Leveraging Datature Nexus for Tumor and Anomaly Detection in Medical Scans : Part I

Unlocking the potential of computer vision for medical imaging! This is a practical guide to building a customized tumor detection system with Datature Nexus.

Hoki Fung


  • Datature Nexus is an end-to-end MLOps platform that simplifies the computer vision workflow for individuals and businesses looking to incorporate artificial intelligence (AI) into their projects. Users can annotate and augment images, train state-of-the-art computer vision models, and seamlessly deploy them — all without the need for coding expertise.

  • Nexus now extends its support to medical image formats, including DICOM and NIfTI! Continue reading to discover how you can leverage Nexus to create and deploy your customized deep learning model for medical applications.

  • This is the first article of a two-part series. In this article, we will dive into why Nexus might be the perfect choice for you, along with a step-by-step guide on how to upload and annotate 3D medical images with Nexus. In the next article, we'll take a closer look at model training and deployment.

What is Non-invasive Medical Imaging?

With the remarkable advancements in medicine over the last century, groundbreaking technologies such as non-invasive medical imaging have emerged as invaluable tools, aiding doctors and medical professionals in making diagnoses and prognoses with enhanced confidence and precision. Imaging techniques like X-rays, computed tomography (CT), magnetic resonance imaging (MRI), and ultrasound offer visual insights into the internal structures of the human body, allowing healthcare professionals to detect anomalies, identify tumor locations, and assess disease progression swiftly and safely. This greatly reduces the necessity for invasive procedures, minimizing the associated risks and improving patient outcomes.

Challenges in Medical Imaging Data Analysis

As the volume and complexity of medical imaging data continue to grow, new challenges arise in effectively analyzing and interpreting these images. Traditionally, the task of examining these images, including the identification and localization of tumors, has relied heavily on the expertise of trained radiologists and doctors. These professionals have shouldered the responsibility of carefully reviewing and assessing each image to detect and diagnose abnormalities. With the escalating volume of imaging data, manually reviewing these images imposes an increasing burden on their already demanding clinical responsibilities, placing additional strain on their time and cognitive resources. This necessitates innovative approaches and solutions for streamlining and automating the image analysis workflow.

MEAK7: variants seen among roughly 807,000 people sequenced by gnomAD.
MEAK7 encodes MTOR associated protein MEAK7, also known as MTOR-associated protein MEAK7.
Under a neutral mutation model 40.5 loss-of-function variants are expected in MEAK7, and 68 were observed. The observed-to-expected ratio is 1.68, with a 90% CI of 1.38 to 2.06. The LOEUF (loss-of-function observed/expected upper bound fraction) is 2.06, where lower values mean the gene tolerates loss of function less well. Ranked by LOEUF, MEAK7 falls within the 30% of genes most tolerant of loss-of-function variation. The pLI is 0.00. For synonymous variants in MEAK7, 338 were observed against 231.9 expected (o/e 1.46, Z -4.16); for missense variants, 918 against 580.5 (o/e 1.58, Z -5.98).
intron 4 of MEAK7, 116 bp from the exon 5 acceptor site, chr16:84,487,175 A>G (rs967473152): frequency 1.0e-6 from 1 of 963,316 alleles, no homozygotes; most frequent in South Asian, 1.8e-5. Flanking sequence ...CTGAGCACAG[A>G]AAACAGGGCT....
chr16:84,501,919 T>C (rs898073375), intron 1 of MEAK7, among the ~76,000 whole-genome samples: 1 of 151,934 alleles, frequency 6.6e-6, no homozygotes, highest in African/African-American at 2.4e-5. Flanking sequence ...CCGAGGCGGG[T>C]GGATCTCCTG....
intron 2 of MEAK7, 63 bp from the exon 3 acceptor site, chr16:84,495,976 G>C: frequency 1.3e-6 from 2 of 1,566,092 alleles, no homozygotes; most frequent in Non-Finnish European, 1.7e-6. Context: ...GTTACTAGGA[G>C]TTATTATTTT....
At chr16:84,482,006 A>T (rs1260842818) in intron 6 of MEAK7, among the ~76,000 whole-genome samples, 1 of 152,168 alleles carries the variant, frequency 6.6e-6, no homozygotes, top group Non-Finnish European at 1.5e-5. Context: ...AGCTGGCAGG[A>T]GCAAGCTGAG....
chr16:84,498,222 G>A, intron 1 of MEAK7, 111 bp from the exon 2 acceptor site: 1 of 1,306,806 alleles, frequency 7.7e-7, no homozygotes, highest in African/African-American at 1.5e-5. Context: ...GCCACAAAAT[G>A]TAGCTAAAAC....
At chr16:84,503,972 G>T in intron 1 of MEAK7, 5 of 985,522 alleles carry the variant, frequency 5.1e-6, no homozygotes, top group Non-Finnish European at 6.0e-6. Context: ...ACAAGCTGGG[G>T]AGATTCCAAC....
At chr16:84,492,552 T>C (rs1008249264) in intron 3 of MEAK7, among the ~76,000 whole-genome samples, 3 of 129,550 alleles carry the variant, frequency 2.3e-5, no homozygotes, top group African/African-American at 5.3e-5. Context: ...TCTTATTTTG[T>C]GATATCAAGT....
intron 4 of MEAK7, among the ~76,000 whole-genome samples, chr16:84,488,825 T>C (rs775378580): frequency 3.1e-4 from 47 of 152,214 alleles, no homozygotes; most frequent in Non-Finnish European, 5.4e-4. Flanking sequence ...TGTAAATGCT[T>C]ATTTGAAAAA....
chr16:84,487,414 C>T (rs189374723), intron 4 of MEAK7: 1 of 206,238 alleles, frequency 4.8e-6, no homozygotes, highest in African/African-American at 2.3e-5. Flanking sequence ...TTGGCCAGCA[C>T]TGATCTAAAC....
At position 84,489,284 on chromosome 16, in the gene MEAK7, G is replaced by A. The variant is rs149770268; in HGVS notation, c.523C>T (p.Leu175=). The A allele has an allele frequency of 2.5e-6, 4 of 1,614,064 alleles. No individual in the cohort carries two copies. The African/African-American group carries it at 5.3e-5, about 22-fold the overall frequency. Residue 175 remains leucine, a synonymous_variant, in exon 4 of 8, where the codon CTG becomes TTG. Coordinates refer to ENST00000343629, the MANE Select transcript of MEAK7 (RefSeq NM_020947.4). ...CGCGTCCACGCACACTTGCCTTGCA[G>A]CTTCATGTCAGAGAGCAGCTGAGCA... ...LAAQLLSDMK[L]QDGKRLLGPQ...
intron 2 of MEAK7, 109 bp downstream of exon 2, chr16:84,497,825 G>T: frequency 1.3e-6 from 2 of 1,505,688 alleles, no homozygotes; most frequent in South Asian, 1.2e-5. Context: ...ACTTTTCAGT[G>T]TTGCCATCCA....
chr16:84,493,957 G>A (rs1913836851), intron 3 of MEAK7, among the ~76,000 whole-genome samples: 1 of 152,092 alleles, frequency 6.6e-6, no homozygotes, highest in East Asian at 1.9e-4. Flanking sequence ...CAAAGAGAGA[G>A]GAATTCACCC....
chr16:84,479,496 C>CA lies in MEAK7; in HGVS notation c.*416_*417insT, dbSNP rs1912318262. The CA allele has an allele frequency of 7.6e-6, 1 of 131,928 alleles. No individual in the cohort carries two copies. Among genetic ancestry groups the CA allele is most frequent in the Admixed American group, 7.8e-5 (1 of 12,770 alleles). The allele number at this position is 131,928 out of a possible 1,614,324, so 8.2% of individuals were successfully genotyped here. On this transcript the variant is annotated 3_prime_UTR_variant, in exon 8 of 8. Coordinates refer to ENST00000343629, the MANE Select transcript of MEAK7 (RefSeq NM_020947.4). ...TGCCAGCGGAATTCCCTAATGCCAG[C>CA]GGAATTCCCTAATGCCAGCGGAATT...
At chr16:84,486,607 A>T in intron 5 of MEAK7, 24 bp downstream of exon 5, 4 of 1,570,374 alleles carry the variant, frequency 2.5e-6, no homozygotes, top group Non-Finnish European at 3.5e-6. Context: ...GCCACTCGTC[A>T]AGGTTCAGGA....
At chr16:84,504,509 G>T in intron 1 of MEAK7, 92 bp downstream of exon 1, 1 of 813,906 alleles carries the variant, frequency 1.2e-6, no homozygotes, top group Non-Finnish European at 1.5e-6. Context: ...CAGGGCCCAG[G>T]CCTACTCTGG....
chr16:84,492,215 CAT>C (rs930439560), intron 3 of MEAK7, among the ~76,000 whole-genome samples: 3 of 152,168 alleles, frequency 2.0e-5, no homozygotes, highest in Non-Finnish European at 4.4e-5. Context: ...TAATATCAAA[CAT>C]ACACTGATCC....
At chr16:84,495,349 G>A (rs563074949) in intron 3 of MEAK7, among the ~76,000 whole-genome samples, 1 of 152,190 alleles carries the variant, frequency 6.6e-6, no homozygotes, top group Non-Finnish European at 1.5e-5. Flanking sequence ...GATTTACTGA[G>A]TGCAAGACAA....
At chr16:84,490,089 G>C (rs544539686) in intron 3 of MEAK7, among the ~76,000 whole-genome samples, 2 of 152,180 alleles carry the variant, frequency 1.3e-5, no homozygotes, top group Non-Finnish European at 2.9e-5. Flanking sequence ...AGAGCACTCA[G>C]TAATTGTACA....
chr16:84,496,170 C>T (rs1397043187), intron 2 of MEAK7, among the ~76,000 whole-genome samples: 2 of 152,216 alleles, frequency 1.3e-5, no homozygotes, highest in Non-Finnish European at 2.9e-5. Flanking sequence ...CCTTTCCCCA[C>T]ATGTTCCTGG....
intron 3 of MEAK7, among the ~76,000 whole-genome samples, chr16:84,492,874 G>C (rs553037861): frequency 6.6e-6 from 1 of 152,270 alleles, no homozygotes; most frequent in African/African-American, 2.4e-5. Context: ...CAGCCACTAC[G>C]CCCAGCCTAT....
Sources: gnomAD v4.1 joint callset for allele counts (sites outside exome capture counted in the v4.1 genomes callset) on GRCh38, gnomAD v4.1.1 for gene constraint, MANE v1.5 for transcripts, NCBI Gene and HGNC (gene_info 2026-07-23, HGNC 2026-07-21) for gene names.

Current Solutions for Streamlining Medical Image Analysis

Specialized software tools and platforms have been developed to streamline and expedite various aspects of the image analysis process. For example, ITK-SNAP is a widely used medical image segmentation tool that provides computer-assisted manual segmentation of anatomical structures in 3D and 4D medical images. It leverages active contour methods to facilitate the extraction of object boundaries, enabling semi-automatic segmentation and reducing the time required to trace or segment regions of interest.

Furthermore, recent developments in AI have led to notable improvements in the automation of segmentation and analysis processes. Medical software tools like 3D Slicer have embraced these AI techniques, particularly deep learning, to automate the identification and segmentation of anatomical structures, tumors, and other abnormalities in medical images. These tools deploy “domain-specific models” or “specialized models” that have been specifically trained using large sets of labeled data to identify specific anatomical structures such as the liver, lung, and spleen, or to segment anomalies like brain tumors. Once the model completes the detection or segmentation task, medical experts can review the outcomes and make any necessary refinements. 

Limitations of Current Solutions

While these out-of-the-box AI-assisted tools have the potential to significantly reduce the manual effort required from doctors and healthcare professionals, it is important to acknowledge their limitations. These tools rely on pre-existing models that have been trained either by the platforms themselves or through contributions from other users. Since the models are not universally adaptable to all scenarios, doctors and researchers working with unique datasets or tackling rare conditions may find it difficult to take advantage of the automation capabilities provided by these tools. In addition, these tools are typically built as standalone solutions and not meant to be integrated into larger software ecosystems, which can pose integration difficulties for startups and companies seeking to incorporate these solutions into their existing workflows.